For those wondering how they can grow their cybersecurity career or even break into the industry, I have good news: While it may seem daunting at the beginning, there are some concrete steps you can take today to jumpstart your journey into one of tech’s most thrilling fields.

After a decade in the field, here are some of the best practical steps I took to move ahead in my cybersecurity career.

6 Practical Steps to Advance Your Cybersecurity Career

  1. Experiment and learn from your mistakes.
  2. Be honest.
  3. Do your homework.
  4. Learn from the best.
  5. Take care of your mental health.
  6. Document everything.


Experiment and Learn From Your Mistakes

In order to excel in cyber security, you must be willing to test and try anything. Set up a home lab to explore different operating systems and infrastructures. Don’t be afraid to think creatively and play around with different environments. 

If you’re interested in the security field, you probably do a lot of this already. Here are a few extra things you can do to take your your learning and exploration to the next level:

  • Experiment. See what works and what doesn’t. Putting yourself in uncomfortable situations will build your skill sets.
  • Remember that security professionals at all levels make mistakes. It doesn’t matter how long they’ve been in the industry or their experience level. They’ve gotten comfortable with mistakes, and they know that they don’t have to be world-ending.
  • Document mistakes and how you found solutions to them. Also document what doesn’t work. Every wrong answer you find gets you closer to finding the right one.


Be Honest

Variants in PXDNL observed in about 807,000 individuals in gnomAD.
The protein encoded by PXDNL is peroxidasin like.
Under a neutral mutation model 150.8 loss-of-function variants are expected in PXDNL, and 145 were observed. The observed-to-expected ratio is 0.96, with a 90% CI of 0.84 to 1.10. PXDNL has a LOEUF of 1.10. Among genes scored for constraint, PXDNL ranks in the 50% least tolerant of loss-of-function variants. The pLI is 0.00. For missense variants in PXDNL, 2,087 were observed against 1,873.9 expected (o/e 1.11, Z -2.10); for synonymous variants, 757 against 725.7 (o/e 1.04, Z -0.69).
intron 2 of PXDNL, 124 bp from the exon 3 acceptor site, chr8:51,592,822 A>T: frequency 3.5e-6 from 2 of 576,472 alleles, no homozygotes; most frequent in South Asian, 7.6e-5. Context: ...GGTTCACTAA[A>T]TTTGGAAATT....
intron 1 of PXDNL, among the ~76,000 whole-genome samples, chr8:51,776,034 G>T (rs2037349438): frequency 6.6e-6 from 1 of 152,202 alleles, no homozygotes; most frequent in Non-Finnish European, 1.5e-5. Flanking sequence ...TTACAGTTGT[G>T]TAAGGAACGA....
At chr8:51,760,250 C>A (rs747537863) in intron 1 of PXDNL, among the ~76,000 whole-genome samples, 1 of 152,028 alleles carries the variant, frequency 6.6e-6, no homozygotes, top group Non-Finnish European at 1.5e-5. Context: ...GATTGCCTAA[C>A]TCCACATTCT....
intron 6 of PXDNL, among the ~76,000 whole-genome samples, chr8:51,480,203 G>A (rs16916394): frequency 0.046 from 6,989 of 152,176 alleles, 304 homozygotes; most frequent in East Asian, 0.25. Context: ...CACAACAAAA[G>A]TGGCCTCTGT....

In 2013, Target was hit with a huge security breach during the holiday season. More than 40 million credit and debit cards as well 70 million customer records were stolen. The cybercriminals accessed the information through the third-party vendor Target used. The American big-box store did the right thing and let customers know about the breach — and how they planned to fix it.

Some might be tempted to conceal such a large security breach. Wouldn’t that make your company look vulnerable and untrustworthy? While Target customers were rightly wary, it was the right call to share the news. It was even better that they did it only four days after they found out. It showed Target was willing to take action and learn from the situation. By 2015, the retailer switched its debit and credit cards to a more secure chip-and-PIN system.  

If Target hadn’t been honest with customers and waited for the breach to be exposed, the company would have looked even more untrustworthy. People would wonder what else Target was not disclosing. 

While it’s hard to be transparent about your mistakes or lack of knowledge in a given situation, it’s better than fumbling through it. It shows that you’re honest and willing to learn — which inspires trust.

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Do Your Homework

The main goal of penetration testing is to see how breakable a network is. You do this by safely trying to exploit its vulnerabilities. Basically, you’re answering the question, “How could a bad guy break in or steal information?” before they have the chance to.

But before you jump into anything, research exactly what you’re doing. Whether you are pen testing a website, database or directory, it’s good to know the consequences. Gather  information by asking these questions:

  • Has the infrastructure been tested before?
  • What were the results and was any action taken? 
  • Are there any current security measures in place? What are they?
  • How do people normally access the infrastructure?
  • Has it been attacked before? What steps were taken to ensure that the vulnerability was fixed? 


Learn From the Best

Follow influential thought leaders in the space. Here are some I admire:


Jayson E. Street